UK government to temporarily suspend costly wine import form requirement

The UK government has decided to put a nine-month hiatus on the dreaded VI-1 forms after Britain leaves the EU.

The Wine & Spirit Trade Association has lobbied against a requirement to feel in these forms, arguing they would cost the drinks industry £70 million per year.

Chief executive Miles Beale said they would create a bureaucratic nightmare for wine importers and add 10p to the price of a bottle of wine.

A VI-1 form is an import certificate and it is estimated that around 500,000 will be required for wine coming into the UK, including lab analysis, which all producers must pay for.

The government has now agreed to suspend the requirement for them for a nine-month transition period after Britain exits the bloc.

The WSTA called on it to reform import certification for all wine, not just from the EU, to reduce red tape by modernising and simplifying the current system.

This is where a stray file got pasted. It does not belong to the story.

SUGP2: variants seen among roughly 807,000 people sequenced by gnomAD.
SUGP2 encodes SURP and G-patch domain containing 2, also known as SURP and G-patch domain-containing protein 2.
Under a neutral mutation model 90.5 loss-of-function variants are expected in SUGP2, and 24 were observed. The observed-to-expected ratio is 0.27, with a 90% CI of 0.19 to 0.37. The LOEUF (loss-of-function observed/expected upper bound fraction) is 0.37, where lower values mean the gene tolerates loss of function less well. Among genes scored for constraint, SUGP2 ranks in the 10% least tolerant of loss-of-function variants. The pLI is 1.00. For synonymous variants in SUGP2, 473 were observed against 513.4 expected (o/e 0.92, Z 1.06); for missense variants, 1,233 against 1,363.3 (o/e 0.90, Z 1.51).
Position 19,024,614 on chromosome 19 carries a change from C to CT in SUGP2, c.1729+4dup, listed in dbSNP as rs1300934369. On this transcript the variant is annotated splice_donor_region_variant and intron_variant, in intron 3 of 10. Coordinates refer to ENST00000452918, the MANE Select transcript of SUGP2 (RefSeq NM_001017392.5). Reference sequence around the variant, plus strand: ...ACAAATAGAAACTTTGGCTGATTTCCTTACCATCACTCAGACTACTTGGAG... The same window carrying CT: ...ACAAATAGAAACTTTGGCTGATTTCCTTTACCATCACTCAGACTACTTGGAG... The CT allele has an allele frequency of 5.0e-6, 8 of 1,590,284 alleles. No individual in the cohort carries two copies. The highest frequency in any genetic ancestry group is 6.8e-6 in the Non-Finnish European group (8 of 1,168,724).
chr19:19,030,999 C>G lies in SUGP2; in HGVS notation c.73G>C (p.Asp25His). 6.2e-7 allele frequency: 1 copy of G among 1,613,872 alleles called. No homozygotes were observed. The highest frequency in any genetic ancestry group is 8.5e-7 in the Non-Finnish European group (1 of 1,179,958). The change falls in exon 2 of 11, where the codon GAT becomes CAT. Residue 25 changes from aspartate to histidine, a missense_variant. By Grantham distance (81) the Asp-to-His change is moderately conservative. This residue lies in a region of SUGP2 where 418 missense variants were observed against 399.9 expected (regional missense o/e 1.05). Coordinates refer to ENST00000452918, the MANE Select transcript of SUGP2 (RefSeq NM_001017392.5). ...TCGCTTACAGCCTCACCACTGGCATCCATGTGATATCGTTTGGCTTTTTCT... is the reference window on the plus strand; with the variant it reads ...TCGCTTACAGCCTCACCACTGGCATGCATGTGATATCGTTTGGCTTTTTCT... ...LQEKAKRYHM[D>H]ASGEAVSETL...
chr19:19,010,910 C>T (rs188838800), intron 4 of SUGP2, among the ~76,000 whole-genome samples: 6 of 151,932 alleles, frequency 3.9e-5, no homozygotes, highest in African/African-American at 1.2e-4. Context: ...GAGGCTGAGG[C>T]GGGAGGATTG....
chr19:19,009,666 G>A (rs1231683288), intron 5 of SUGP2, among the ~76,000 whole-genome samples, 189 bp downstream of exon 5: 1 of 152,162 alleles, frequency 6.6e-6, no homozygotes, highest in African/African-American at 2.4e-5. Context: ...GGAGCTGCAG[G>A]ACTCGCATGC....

Beale said: “The government’s actions are a victory for common sense and will be met with a sense of relief by the UK wine industry as the threat of a £70 million bill has been removed.

“As we made clear in our lengthy discussions with government officials, the additional form filling and laboratory tests needed had paperwork requirements not been suspended would have added a massive burden on businesses and consumers alike.

“We are delighted that the Government has listened to the WSTA and demonstrated that they value the UK wine industry. However, they can and must go further.

“In the upcoming Budget on November 6, they should listen to the WSTA and some 33 million Brits who drink wine and cut wine duty by 2%. This would be the first Government to cut still wine tax since Nigel Lawson was Chancellor in 1984.”

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